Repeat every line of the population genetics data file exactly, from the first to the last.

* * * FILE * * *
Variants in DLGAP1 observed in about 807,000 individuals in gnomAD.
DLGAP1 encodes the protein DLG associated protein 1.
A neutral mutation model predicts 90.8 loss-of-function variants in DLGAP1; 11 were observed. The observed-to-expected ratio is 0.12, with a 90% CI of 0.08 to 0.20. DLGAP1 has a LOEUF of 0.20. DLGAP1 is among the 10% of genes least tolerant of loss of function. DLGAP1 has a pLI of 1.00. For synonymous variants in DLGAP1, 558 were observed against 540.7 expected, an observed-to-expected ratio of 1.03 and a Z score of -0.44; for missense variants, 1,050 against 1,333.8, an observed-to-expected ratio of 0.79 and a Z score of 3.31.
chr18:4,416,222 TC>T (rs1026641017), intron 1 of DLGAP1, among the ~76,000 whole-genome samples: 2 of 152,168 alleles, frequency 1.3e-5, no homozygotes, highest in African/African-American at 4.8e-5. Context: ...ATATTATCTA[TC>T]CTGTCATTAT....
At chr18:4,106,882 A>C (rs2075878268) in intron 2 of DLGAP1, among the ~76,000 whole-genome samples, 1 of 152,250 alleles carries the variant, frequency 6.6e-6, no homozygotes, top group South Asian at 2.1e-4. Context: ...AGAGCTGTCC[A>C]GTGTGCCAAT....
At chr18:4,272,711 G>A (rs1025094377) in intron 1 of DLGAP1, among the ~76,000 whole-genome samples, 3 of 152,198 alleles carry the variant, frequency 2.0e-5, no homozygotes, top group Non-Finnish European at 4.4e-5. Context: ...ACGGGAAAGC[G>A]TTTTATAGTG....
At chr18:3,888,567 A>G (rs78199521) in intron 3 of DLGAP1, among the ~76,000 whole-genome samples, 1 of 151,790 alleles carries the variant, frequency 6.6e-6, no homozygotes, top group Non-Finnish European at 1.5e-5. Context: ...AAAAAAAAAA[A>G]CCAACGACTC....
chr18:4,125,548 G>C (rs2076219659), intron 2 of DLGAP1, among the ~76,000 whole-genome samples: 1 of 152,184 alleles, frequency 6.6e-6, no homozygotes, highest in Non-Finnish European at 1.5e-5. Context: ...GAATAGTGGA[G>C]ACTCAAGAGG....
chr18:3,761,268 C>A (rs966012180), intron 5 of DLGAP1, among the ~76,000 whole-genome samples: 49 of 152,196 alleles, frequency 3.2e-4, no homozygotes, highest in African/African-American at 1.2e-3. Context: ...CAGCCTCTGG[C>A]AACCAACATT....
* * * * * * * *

Variants in DLGAP1 observed in about 807,000 individuals in gnomAD.
DLGAP1 encodes the protein DLG associated protein 1.
A neutral mutation model predicts 90.8 loss-of-function variants in DLGAP1; 11 were observed. The observed-to-expected ratio is 0.12, with a 90% CI of 0.08 to 0.20. DLGAP1 has a LOEUF of 0.20. DLGAP1 is among the 10% of genes least tolerant of loss of function. DLGAP1 has a pLI of 1.00. For synonymous variants in DLGAP1, 558 were observed against 540.7 expected, an observed-to-expected ratio of 1.03 and a Z score of -0.44; for missense variants, 1,050 against 1,333.8, an observed-to-expected ratio of 0.79 and a Z score of 3.31.
chr18:4,416,222 TC>T (rs1026641017), intron 1 of DLGAP1, among the ~76,000 whole-genome samples: 2 of 152,168 alleles, frequency 1.3e-5, no homozygotes, highest in African/African-American at 4.8e-5. Context: ...ATATTATCTA[TC>T]CTGTCATTAT....
At chr18:4,106,882 A>C (rs2075878268) in intron 2 of DLGAP1, among the ~76,000 whole-genome samples, 1 of 152,250 alleles carries the variant, frequency 6.6e-6, no homozygotes, top group South Asian at 2.1e-4. Context: ...AGAGCTGTCC[A>C]GTGTGCCAAT....
At chr18:4,272,711 G>A (rs1025094377) in intron 1 of DLGAP1, among the ~76,000 whole-genome samples, 3 of 152,198 alleles carry the variant, frequency 2.0e-5, no homozygotes, top group Non-Finnish European at 4.4e-5. Context: ...ACGGGAAAGC[G>A]TTTTATAGTG....
At chr18:3,888,567 A>G (rs78199521) in intron 3 of DLGAP1, among the ~76,000 whole-genome samples, 1 of 151,790 alleles carries the variant, frequency 6.6e-6, no homozygotes, top group Non-Finnish European at 1.5e-5. Context: ...AAAAAAAAAA[A>G]CCAACGACTC....
chr18:4,125,548 G>C (rs2076219659), intron 2 of DLGAP1, among the ~76,000 whole-genome samples: 1 of 152,184 alleles, frequency 6.6e-6, no homozygotes, highest in Non-Finnish European at 1.5e-5. Context: ...GAATAGTGGA[G>C]ACTCAAGAGG....
chr18:3,761,268 C>A (rs966012180), intron 5 of DLGAP1, among the ~76,000 whole-genome samples: 49 of 152,196 alleles, frequency 3.2e-4, no homozygotes, highest in African/African-American at 1.2e-3. Context: ...CAGCCTCTGG[C>A]AACCAACATT....